Culture, Capacity And Craftsmanship: How To Hire For A Startup

There’s a lot of glory and fun when you’re immersed in the startup experience. Building a team from scratch usually means that everything is fresh and unwritten. Joining a new venture to do something that’s never been done before is exhilarating. And having an impact on the mission of your young new company is empowering. You get to say, “This has my fingerprints on it. We did that.”

But, let’s be honest, it’s also a lot more challenging to hire in an early-stage business because so many things aren’t defined and you have to figure out everything on your own. Hiring, in particular, is more of a challenge in a new company than in a large enterprise with years of brand equity, established culture and specialized roles.

Finding the right people who will thrive in this kind of environment fascinates me. Bringing together people who share common values, beliefs, principles and traits — and who can blend well to form a wonderful startup team — is an exciting and mission-critical task. And, as I’ve learned, and relearned, the hiring choices you make early on are the most important decisions you make.

Most “A” teams in a startup leave their profound mark on the company’s culture — its values and principles — and this influence perpetuates itself as the business grows and scales. The quality bars don’t necessarily shift as the organization expands over time; however, the responsibility for enforcing them does, as the CEO gradually gives way in this area to management and then company-wide leadership.

Obsession is the rocket fuel of creativity and productivity that pushes your idea out into the world. But how do you assemble this “A” team in the first place? Well, when we’re interviewing someone, we can often see, or even intuit, if there’s an energetic exchange, a common belief system or a mutual language that reflects the soft skills we’re seeking. I’m sure you’ve experienced this in your business, too — it’s really just something you feel, and it’s hard to formalize it organization-wide.

Having said that, there are a handful of core beliefs that I do seek, no matter the company, challenge or mission. And, yes, I look for these core beliefs in order to build a more open and harmonious company, but also to make sure — or as sure as possible — that the person on the other end of the conversation will fit in and be happy after joining the team.

The most important skill in a startup is a person’s ability to learn and acquire new skills. Some call this capacity for mastery, others think of it as velocity of learning; but almost everyone recognizes this as a person’s potential.

Adaptability definitely matters, too. In the early days of a company, you’re often hunting in the dark. You’re trying to find that line of revenue. You’re trying to create something that will work in the market to make the business successful.

You also know that whatever you initially build you’re going to set on fire — you’re going to burn it down and rebuild it again and again. You know you’re not going to get it right the first time, so you’re going to have to iterate and change.

I also love the notion of craftsmanship. I believe that, as we get better and better at cranking out new things in the industrialized era of software engineering, craftsmanship is really a point of differentiation.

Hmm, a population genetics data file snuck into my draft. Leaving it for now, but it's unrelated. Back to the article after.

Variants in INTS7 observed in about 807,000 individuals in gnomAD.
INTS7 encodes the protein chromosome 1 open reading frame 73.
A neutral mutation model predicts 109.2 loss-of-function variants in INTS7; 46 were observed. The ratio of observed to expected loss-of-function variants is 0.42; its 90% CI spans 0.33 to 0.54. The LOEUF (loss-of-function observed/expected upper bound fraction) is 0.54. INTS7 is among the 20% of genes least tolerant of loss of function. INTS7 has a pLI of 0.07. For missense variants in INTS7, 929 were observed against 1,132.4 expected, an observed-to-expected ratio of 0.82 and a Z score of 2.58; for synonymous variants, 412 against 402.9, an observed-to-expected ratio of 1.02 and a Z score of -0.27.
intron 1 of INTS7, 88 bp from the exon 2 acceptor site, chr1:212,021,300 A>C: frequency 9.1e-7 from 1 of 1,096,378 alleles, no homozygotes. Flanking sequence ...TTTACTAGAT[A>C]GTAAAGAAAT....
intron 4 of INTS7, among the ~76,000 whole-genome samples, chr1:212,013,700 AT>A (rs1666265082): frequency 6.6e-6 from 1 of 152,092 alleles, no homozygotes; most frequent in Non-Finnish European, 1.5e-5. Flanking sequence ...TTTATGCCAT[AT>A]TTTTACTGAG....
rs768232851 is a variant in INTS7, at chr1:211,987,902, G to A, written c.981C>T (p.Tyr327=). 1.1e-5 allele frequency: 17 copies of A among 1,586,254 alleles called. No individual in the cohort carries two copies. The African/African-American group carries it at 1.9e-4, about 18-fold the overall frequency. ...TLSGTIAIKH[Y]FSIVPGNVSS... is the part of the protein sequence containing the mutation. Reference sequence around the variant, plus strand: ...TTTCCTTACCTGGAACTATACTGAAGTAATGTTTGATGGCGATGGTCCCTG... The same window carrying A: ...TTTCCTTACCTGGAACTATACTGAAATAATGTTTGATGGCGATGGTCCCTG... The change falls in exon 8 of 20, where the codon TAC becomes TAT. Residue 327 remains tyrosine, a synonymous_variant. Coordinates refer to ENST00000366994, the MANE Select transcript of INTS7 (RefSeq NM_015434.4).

Craftsmanship counts for me — and I’m sure it does for you, too — because it’s just frustrating to keep seeing the same standard, boorish and unimaginative buttons, modal dialogs and File menus. Technology now affords us creative, inspiring interfaces that understand and adapt to us; and, as a value, craftsmanship is no longer something that requires compromise.

Related to craftsmanship is another important value — obsession. Obsession with detail; obsession with perfection; obsession with moving forward. In my view, obsession is the rocket fuel of creativity and productivity that pushes your idea out into the world.

And I try hard not to confuse obsession with passion. But it’s not always easy. If I asked you whether Bill Gates or Steve Jobs were passionate or obsessive, for example, your first answer might be “passionate.” But think about the focus, endurance and perseverance that are inherent in “obsession.” These aren’t attributes we normally associate with “passion.”

There are two other key traits I’m searching for whenever I’m building a great team.

First, dirty hands. Everybody has to “dig in and do” in the early days of a company. That’s your personal responsibility in a startup. There’s no off-loading or delegating or managing — there’s just doing, even if that leads to being wrong and making mistakes. If you have clean hands, you’re not really doing, and you’re not really in it.

Lastly, I’m looking for people who are inclusive. I think I define this a bit differently than most. For me, it’s all about listening to others with humility, truly internalizing what they’re saying and feeling, giving it open and objective consideration, then speaking with conviction. We all grow. And the reason we grow is that we’re reaping the full rewards of being present for each other. This is creative and constructive collaboration on emotional steroids.

I want to emphasize that there’s no perfect or right way to find the talent that will successfully launch and grow a startup. But after participating and leading five startups, I know what works. In fact, each time I build a company, I incorporate new theories, new experiments and new strategies into the hiring process.

The bottom line is simple and clear: If you practice and model the best hiring practices and skills, and you instill a solid hiring philosophy in the beginning, you will eventually have a growing and maturing company that is driven by teams of great people.

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